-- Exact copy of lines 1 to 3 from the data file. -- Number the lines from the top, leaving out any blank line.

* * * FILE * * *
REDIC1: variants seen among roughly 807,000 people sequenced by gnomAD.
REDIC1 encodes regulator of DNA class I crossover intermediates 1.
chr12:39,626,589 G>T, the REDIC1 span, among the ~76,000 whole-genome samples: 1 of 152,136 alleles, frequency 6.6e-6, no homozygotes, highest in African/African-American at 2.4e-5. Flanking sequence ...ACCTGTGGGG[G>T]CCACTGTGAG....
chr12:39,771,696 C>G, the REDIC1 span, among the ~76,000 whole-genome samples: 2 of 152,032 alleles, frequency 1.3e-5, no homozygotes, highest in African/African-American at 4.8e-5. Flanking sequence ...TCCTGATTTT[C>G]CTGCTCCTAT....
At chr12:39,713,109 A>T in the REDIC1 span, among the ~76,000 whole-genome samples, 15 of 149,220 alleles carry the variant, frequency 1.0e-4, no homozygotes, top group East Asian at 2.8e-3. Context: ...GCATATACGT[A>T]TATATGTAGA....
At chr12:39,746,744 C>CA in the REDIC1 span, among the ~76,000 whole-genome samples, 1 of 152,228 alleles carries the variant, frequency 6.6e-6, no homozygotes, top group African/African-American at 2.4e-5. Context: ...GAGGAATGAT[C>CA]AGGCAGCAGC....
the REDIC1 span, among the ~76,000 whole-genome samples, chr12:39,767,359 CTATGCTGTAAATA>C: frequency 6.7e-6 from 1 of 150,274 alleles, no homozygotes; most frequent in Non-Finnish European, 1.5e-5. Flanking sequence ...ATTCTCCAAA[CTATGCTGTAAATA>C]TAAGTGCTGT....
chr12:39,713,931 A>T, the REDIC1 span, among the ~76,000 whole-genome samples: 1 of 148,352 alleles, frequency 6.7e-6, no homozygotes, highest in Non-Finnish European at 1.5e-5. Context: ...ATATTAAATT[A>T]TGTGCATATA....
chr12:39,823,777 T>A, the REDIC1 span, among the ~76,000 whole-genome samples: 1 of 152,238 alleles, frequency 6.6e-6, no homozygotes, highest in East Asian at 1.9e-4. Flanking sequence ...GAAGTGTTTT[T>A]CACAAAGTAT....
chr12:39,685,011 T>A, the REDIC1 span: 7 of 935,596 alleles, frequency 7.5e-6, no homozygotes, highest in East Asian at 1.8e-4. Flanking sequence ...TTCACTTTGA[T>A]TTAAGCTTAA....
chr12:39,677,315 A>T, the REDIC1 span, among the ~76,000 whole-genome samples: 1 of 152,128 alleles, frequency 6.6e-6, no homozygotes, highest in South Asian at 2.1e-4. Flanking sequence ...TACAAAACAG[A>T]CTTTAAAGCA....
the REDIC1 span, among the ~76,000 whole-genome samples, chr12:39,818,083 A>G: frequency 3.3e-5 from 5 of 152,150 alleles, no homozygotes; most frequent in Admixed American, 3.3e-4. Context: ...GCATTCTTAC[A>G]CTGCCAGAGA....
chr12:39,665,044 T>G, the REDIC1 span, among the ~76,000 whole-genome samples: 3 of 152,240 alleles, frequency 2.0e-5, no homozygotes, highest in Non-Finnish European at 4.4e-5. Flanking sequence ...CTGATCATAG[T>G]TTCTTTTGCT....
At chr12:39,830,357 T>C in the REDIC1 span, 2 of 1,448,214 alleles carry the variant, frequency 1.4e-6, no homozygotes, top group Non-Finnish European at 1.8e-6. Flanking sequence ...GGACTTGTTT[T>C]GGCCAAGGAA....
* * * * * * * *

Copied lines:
REDIC1: variants seen among roughly 807,000 people sequenced by gnomAD.
REDIC1 encodes regulator of DNA class I crossover intermediates 1.
chr12:39,626,589 G>T, the REDIC1 span, among the ~76,000 whole-genome samples: 1 of 152,136 alleles, frequency 6.6e-6, no homozygotes, highest in African/African-American at 2.4e-5. Flanking sequence ...ACCTGTGGGG[G>T]CCACTGTGAG....